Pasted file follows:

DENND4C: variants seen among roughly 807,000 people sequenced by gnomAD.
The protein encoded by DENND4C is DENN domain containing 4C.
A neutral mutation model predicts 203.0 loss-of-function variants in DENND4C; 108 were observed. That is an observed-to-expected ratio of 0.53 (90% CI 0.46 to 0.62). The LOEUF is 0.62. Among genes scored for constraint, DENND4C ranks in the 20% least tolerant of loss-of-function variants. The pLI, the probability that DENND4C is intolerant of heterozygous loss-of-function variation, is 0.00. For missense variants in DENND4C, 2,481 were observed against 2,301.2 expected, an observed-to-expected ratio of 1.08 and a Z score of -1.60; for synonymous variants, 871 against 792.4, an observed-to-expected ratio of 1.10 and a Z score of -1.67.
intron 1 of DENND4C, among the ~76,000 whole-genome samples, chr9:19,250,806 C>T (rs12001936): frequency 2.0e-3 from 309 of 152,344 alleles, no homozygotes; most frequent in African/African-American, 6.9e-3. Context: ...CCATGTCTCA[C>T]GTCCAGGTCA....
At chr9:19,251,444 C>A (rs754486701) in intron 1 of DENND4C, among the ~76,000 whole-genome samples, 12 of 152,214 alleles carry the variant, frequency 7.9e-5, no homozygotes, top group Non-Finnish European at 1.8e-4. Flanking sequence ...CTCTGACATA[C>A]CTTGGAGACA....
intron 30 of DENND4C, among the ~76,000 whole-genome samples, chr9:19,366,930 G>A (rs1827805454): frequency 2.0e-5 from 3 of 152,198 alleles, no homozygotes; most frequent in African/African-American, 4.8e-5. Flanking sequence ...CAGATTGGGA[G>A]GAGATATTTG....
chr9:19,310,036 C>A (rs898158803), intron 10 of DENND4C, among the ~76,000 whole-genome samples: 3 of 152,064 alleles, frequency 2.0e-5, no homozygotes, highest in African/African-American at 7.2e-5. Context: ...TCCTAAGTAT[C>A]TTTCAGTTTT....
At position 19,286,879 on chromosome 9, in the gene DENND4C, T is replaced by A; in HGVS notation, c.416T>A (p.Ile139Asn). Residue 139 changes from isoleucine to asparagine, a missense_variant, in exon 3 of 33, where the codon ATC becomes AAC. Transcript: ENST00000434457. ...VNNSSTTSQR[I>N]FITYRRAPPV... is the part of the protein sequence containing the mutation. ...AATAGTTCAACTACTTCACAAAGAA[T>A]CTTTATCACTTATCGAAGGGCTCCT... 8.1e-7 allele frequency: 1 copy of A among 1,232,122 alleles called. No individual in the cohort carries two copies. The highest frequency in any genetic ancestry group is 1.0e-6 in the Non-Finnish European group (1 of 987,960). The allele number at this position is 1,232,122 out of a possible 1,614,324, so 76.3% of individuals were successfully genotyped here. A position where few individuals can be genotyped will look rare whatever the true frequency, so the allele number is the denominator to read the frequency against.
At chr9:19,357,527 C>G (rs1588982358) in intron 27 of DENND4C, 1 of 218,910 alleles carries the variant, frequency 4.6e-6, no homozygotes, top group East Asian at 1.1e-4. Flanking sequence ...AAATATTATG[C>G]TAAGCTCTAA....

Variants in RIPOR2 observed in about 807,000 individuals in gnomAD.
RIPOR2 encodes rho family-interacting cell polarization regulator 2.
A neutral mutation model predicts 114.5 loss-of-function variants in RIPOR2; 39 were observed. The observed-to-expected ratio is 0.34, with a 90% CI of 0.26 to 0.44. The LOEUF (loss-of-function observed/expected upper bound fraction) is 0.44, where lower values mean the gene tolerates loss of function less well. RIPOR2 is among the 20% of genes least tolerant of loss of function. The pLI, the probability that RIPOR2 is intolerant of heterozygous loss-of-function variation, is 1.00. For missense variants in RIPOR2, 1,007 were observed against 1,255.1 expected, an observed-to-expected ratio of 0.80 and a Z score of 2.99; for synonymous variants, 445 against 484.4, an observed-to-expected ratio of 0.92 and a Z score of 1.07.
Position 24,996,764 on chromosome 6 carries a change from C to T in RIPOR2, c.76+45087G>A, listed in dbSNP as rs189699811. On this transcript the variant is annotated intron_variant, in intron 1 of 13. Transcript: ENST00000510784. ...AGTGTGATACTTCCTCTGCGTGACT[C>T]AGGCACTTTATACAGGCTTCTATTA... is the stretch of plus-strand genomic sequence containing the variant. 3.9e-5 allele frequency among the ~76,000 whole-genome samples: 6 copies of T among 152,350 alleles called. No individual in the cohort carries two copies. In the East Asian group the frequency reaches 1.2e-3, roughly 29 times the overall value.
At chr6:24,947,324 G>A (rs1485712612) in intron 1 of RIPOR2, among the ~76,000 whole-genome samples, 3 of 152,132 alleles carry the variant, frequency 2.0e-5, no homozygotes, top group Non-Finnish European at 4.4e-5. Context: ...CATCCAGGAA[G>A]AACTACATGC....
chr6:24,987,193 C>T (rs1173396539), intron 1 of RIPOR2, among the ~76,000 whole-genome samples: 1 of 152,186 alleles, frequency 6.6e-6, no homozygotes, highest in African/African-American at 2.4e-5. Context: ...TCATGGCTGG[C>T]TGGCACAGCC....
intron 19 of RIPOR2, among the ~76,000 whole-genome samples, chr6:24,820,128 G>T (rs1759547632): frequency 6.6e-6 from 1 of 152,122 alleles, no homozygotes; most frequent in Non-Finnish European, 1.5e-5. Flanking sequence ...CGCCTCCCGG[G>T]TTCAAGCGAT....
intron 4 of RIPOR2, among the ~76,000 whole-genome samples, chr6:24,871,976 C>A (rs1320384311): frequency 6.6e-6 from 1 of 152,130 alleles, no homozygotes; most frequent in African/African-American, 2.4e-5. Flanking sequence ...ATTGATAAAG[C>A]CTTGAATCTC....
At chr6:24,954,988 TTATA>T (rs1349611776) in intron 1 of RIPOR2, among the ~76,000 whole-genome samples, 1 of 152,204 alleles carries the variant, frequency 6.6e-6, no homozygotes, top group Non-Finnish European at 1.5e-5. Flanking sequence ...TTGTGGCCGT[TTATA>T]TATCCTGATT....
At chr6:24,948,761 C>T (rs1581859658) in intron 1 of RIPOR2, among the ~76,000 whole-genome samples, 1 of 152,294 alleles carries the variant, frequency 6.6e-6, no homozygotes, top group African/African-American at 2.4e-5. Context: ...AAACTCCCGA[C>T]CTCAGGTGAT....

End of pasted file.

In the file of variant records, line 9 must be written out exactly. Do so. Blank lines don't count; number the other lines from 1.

At chr9:19,357,527 C>G (rs1588982358) in intron 27 of DENND4C, 1 of 218,910 alleles carries the variant, frequency 4.6e-6, no homozygotes, top group East Asian at 1.1e-4. Flanking sequence ...AAATATTATG[C>G]TAAGCTCTAA....